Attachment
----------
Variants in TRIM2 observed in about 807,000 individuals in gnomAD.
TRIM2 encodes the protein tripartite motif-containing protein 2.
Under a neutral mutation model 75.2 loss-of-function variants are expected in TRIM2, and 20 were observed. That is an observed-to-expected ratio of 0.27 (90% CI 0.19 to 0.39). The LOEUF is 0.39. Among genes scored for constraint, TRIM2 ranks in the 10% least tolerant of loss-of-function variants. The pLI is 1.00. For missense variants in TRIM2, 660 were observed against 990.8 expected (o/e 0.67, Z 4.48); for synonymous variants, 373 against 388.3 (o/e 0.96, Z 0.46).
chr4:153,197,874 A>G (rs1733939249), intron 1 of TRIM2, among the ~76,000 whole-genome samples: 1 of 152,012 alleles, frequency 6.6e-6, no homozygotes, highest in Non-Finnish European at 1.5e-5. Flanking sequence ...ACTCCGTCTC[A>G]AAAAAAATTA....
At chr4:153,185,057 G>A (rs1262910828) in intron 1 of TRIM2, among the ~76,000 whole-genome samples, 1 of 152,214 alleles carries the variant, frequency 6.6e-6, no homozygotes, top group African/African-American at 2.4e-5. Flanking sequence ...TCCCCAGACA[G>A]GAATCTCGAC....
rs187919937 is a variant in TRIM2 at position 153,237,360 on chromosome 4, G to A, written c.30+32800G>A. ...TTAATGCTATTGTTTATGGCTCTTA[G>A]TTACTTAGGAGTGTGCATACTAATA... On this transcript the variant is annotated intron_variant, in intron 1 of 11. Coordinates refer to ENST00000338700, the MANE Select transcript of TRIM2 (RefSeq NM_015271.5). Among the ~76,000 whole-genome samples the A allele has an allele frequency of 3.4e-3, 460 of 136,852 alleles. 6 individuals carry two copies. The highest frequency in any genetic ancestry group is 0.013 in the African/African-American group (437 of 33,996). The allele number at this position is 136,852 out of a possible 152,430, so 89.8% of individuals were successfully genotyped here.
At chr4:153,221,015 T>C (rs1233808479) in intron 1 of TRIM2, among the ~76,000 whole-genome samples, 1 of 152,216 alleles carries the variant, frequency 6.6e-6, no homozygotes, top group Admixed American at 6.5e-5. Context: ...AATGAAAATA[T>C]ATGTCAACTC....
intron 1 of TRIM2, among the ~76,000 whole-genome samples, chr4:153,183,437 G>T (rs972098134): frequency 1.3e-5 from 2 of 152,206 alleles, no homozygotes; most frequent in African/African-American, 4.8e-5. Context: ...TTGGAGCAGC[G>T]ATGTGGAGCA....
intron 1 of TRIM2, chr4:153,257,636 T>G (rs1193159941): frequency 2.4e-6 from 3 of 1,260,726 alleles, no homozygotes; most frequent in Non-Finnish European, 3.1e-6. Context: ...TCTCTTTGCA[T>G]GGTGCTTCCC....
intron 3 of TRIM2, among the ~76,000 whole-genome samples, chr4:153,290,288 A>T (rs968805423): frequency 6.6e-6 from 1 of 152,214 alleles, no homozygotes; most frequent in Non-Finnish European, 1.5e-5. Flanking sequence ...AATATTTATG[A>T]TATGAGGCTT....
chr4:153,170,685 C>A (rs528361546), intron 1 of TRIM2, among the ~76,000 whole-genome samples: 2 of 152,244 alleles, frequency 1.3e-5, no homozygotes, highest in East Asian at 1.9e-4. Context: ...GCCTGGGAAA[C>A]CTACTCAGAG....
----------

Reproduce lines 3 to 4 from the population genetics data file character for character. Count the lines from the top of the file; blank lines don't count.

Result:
Under a neutral mutation model 75.2 loss-of-function variants are expected in TRIM2, and 20 were observed. That is an observed-to-expected ratio of 0.27 (90% CI 0.19 to 0.39). The LOEUF is 0.39. Among genes scored for constraint, TRIM2 ranks in the 10% least tolerant of loss-of-function variants. The pLI is 1.00. For missense variants in TRIM2, 660 were observed against 990.8 expected (o/e 0.67, Z 4.48); for synonymous variants, 373 against 388.3 (o/e 0.96, Z 0.46).
chr4:153,197,874 A>G (rs1733939249), intron 1 of TRIM2, among the ~76,000 whole-genome samples: 1 of 152,012 alleles, frequency 6.6e-6, no homozygotes, highest in Non-Finnish European at 1.5e-5. Flanking sequence ...ACTCCGTCTC[A>G]AAAAAAATTA....